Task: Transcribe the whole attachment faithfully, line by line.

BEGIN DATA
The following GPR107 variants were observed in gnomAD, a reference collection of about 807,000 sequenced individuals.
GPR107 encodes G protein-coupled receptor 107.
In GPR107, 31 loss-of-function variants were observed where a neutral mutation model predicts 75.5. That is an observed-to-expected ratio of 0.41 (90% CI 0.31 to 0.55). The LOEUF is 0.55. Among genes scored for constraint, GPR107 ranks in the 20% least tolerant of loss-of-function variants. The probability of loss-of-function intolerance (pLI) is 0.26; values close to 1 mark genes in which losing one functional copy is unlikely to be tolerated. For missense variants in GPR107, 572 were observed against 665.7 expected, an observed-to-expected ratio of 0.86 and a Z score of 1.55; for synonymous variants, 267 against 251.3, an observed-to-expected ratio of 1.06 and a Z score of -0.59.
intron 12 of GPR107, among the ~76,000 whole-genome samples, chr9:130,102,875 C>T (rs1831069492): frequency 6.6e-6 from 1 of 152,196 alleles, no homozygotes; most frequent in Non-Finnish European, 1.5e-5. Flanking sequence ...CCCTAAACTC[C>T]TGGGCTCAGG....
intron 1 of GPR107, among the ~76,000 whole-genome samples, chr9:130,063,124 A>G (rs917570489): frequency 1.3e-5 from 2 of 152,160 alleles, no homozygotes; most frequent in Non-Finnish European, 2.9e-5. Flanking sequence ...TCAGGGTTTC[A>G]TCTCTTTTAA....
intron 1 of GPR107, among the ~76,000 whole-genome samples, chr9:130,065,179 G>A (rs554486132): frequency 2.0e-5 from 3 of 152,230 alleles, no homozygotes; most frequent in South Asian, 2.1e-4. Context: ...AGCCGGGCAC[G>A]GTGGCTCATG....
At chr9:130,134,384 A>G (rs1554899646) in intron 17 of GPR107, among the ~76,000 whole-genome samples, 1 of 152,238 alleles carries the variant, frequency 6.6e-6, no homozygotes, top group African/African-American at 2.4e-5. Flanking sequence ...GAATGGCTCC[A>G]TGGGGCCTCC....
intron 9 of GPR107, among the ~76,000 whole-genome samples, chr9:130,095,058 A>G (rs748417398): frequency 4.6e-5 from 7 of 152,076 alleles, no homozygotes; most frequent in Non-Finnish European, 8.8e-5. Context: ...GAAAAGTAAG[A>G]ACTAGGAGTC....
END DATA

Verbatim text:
The following GPR107 variants were observed in gnomAD, a reference collection of about 807,000 sequenced individuals.
GPR107 encodes G protein-coupled receptor 107.
In GPR107, 31 loss-of-function variants were observed where a neutral mutation model predicts 75.5. That is an observed-to-expected ratio of 0.41 (90% CI 0.31 to 0.55). The LOEUF is 0.55. Among genes scored for constraint, GPR107 ranks in the 20% least tolerant of loss-of-function variants. The probability of loss-of-function intolerance (pLI) is 0.26; values close to 1 mark genes in which losing one functional copy is unlikely to be tolerated. For missense variants in GPR107, 572 were observed against 665.7 expected, an observed-to-expected ratio of 0.86 and a Z score of 1.55; for synonymous variants, 267 against 251.3, an observed-to-expected ratio of 1.06 and a Z score of -0.59.
intron 12 of GPR107, among the ~76,000 whole-genome samples, chr9:130,102,875 C>T (rs1831069492): frequency 6.6e-6 from 1 of 152,196 alleles, no homozygotes; most frequent in Non-Finnish European, 1.5e-5. Flanking sequence ...CCCTAAACTC[C>T]TGGGCTCAGG....
intron 1 of GPR107, among the ~76,000 whole-genome samples, chr9:130,063,124 A>G (rs917570489): frequency 1.3e-5 from 2 of 152,160 alleles, no homozygotes; most frequent in Non-Finnish European, 2.9e-5. Flanking sequence ...TCAGGGTTTC[A>G]TCTCTTTTAA....
intron 1 of GPR107, among the ~76,000 whole-genome samples, chr9:130,065,179 G>A (rs554486132): frequency 2.0e-5 from 3 of 152,230 alleles, no homozygotes; most frequent in South Asian, 2.1e-4. Context: ...AGCCGGGCAC[G>A]GTGGCTCATG....
At chr9:130,134,384 A>G (rs1554899646) in intron 17 of GPR107, among the ~76,000 whole-genome samples, 1 of 152,238 alleles carries the variant, frequency 6.6e-6, no homozygotes, top group African/African-American at 2.4e-5. Flanking sequence ...GAATGGCTCC[A>G]TGGGGCCTCC....
intron 9 of GPR107, among the ~76,000 whole-genome samples, chr9:130,095,058 A>G (rs748417398): frequency 4.6e-5 from 7 of 152,076 alleles, no homozygotes; most frequent in Non-Finnish European, 8.8e-5. Context: ...GAAAAGTAAG[A>G]ACTAGGAGTC....